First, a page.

Gibson County Schools to start Farm to School Planning with USDA Grant Award

This month, $12.1 million was distributed in Farm to School Grants – the most awarded since the grant program’s inception ‒ to 159 grantees – the most projects funded to date. These awards, administered by the U.S. Department of Agriculture (USDA), will help bring fresh, local foods into schools and foster economic opportunity for America’s farmers over the next school year.

There were only one of two grants awarded across the state of Tennessee this year – one of which the Trenton Special School District was awarded $44,530 for a Farm to School Planning Grant involving all 20 Gibson County Schools across the county.

“The Gibson County Farm to School planning project is a great opportunity for our county for reducing childhood hunger, improving child health and learning, and contributing to the Gibson County economy by keeping our school purchasing dollars here with local farmers and producers,” stated Lisa Seiber-Garland, Trenton Special School District School Nutrition Director. 

This planning project will collaborate with the Northwest Tennessee Local Food Network, a local 501 (c)(3) nonprofit organization, to assess current assets and needs in 20 Gibson County Schools; increase collaboration between stakeholders and school districts; connect with regional farmers; identify supply chain & processing mechanisms; create a marketing plan to educate school district personnel and the public at large about F2S benefits. The project will develop an informed, workable action plan that lays out the process of developing a thriving Farm to School initiative in Gibson. 

“Humboldt City Schools is excited to be part of the Gibson County Farm to School Grant,” stated Wayne Sheehan, member of the Gibson County Farm to School Planning Team and Technology/Transportation/CTE Director from Humboldt City Schools. “We look forward to working with all partners to help bring Farm to School opportunities to all students in Humboldt and Gibson County.”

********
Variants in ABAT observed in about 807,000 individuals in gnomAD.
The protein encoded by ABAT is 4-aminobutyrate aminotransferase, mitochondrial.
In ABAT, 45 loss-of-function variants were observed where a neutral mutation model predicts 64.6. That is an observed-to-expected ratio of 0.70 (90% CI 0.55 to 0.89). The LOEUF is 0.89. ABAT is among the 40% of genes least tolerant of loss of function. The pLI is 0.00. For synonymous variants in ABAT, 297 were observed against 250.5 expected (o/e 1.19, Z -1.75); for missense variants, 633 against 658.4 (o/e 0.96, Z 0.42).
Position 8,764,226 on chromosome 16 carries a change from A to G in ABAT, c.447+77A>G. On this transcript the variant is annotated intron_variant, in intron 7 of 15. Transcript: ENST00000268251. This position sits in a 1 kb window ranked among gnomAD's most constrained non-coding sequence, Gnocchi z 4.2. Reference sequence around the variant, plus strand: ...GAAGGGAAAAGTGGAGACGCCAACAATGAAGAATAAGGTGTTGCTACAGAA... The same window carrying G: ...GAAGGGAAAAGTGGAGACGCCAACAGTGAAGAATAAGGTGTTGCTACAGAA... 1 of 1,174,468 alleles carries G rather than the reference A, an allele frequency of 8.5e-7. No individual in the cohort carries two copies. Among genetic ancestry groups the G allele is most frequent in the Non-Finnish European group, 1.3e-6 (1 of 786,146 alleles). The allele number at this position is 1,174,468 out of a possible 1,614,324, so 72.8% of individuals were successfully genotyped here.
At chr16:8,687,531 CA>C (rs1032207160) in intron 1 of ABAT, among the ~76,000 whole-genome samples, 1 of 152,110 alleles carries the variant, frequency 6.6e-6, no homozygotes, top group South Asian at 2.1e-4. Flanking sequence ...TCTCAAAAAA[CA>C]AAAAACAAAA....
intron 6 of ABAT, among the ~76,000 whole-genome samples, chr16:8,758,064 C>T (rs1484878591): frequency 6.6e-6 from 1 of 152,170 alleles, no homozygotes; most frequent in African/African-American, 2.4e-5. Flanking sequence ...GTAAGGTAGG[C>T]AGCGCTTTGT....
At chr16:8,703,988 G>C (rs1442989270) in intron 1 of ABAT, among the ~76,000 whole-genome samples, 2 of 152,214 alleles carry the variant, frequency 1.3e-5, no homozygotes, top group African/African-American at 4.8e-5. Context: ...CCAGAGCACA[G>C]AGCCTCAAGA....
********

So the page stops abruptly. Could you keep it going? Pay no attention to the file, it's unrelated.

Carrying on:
The initial activities of the planning project will be the formalization of the F2S planning team, and evaluations of community stakeholders.

“Creating more robust Farm to School programming in our region benefits students, teachers, farmers, families, food processors, distributors and the region at large,” stated Samantha Goyret, Executive Director of the Northwest Tennessee Local Food Network. “We are very excited to partner with the Trenton Special School District and Farm to School planning team to identify Farm to School opportunities and needs throughout Gibson County.”

Farm to School Grants support a wide range of activities that increase the amount of local foods served in child nutrition programs and teach children about food and agriculture.

“USDA’s Farm to School Program is a win-win,” said Brandon Lipps, USDA’s Deputy Under Secretary for Food, Nutrition, and Consumer Services. “The grants announced today will help build bright futures for our children by connecting them to where their food comes from, while also nourishing the local economy and supporting American agriculture.”Last year, the NWTN Local Food Network received a Farm to School Planning Grant in partnership with the Weakley County School District. In 2019, the LFN organized as “Using Food to Build Community” Forum in Milan, TN with 50 participants which resulted in the creation of a Gibson County Local Foods Action Plan that highlights the need for more Farm to School Programming in Gibson County.